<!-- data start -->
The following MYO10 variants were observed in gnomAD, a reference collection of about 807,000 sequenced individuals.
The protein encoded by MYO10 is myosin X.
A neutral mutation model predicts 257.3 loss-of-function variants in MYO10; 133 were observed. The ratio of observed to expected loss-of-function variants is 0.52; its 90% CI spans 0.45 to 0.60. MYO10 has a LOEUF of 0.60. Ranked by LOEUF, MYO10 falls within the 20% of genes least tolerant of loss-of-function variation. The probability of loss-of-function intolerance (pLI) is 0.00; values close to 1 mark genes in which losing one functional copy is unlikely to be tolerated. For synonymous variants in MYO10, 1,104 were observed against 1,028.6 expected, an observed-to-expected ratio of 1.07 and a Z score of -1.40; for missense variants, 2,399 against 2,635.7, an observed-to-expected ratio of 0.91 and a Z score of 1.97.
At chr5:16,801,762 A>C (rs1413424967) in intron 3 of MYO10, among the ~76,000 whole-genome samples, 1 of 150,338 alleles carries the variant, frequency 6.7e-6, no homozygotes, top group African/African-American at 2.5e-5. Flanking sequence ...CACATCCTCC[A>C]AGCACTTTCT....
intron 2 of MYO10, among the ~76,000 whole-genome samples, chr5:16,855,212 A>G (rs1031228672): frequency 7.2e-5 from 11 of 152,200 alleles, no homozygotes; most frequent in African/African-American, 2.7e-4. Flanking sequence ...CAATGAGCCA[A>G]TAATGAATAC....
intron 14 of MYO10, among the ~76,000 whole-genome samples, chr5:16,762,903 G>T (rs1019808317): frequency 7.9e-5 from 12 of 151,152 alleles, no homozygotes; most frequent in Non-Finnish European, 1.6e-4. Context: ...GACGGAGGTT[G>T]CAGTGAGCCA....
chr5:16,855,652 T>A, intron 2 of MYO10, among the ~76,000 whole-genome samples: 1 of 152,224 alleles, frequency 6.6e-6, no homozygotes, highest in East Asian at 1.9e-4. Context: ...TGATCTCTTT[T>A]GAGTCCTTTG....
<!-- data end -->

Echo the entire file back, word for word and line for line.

The following MYO10 variants were observed in gnomAD, a reference collection of about 807,000 sequenced individuals.
The protein encoded by MYO10 is myosin X.
A neutral mutation model predicts 257.3 loss-of-function variants in MYO10; 133 were observed. The ratio of observed to expected loss-of-function variants is 0.52; its 90% CI spans 0.45 to 0.60. MYO10 has a LOEUF of 0.60. Ranked by LOEUF, MYO10 falls within the 20% of genes least tolerant of loss-of-function variation. The probability of loss-of-function intolerance (pLI) is 0.00; values close to 1 mark genes in which losing one functional copy is unlikely to be tolerated. For synonymous variants in MYO10, 1,104 were observed against 1,028.6 expected, an observed-to-expected ratio of 1.07 and a Z score of -1.40; for missense variants, 2,399 against 2,635.7, an observed-to-expected ratio of 0.91 and a Z score of 1.97.
At chr5:16,801,762 A>C (rs1413424967) in intron 3 of MYO10, among the ~76,000 whole-genome samples, 1 of 150,338 alleles carries the variant, frequency 6.7e-6, no homozygotes, top group African/African-American at 2.5e-5. Flanking sequence ...CACATCCTCC[A>C]AGCACTTTCT....
intron 2 of MYO10, among the ~76,000 whole-genome samples, chr5:16,855,212 A>G (rs1031228672): frequency 7.2e-5 from 11 of 152,200 alleles, no homozygotes; most frequent in African/African-American, 2.7e-4. Flanking sequence ...CAATGAGCCA[A>G]TAATGAATAC....
intron 14 of MYO10, among the ~76,000 whole-genome samples, chr5:16,762,903 G>T (rs1019808317): frequency 7.9e-5 from 12 of 151,152 alleles, no homozygotes; most frequent in Non-Finnish European, 1.6e-4. Context: ...GACGGAGGTT[G>T]CAGTGAGCCA....
chr5:16,855,652 T>A, intron 2 of MYO10, among the ~76,000 whole-genome samples: 1 of 152,224 alleles, frequency 6.6e-6, no homozygotes, highest in East Asian at 1.9e-4. Context: ...TGATCTCTTT[T>A]GAGTCCTTTG....